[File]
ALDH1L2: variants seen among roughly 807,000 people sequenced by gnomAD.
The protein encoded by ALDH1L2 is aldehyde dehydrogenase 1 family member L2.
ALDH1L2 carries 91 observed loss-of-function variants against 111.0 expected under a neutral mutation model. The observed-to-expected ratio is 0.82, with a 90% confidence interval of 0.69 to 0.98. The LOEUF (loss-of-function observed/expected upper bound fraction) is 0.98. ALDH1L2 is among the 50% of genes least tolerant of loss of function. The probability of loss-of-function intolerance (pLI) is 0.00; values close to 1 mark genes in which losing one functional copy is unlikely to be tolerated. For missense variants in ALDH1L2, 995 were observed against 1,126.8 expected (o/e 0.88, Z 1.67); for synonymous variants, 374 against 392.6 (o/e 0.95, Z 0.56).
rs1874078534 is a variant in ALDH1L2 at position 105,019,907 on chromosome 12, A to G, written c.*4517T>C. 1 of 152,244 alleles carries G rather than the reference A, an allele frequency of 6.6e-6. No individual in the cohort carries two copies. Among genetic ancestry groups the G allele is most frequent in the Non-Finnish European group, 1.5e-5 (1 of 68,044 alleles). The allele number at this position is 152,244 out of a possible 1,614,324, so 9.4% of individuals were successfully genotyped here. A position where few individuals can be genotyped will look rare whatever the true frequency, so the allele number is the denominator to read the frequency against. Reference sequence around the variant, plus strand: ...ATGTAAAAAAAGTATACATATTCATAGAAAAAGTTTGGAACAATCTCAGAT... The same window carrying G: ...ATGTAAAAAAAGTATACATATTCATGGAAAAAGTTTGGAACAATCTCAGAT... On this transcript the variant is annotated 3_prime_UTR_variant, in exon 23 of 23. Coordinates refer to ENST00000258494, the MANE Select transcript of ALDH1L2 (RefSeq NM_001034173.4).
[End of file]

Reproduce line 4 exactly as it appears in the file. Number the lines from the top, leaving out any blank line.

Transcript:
rs1874078534 is a variant in ALDH1L2 at position 105,019,907 on chromosome 12, A to G, written c.*4517T>C. 1 of 152,244 alleles carries G rather than the reference A, an allele frequency of 6.6e-6. No individual in the cohort carries two copies. Among genetic ancestry groups the G allele is most frequent in the Non-Finnish European group, 1.5e-5 (1 of 68,044 alleles). The allele number at this position is 152,244 out of a possible 1,614,324, so 9.4% of individuals were successfully genotyped here. A position where few individuals can be genotyped will look rare whatever the true frequency, so the allele number is the denominator to read the frequency against. Reference sequence around the variant, plus strand: ...ATGTAAAAAAAGTATACATATTCATAGAAAAAGTTTGGAACAATCTCAGAT... The same window carrying G: ...ATGTAAAAAAAGTATACATATTCATGGAAAAAGTTTGGAACAATCTCAGAT... On this transcript the variant is annotated 3_prime_UTR_variant, in exon 23 of 23. Coordinates refer to ENST00000258494, the MANE Select transcript of ALDH1L2 (RefSeq NM_001034173.4).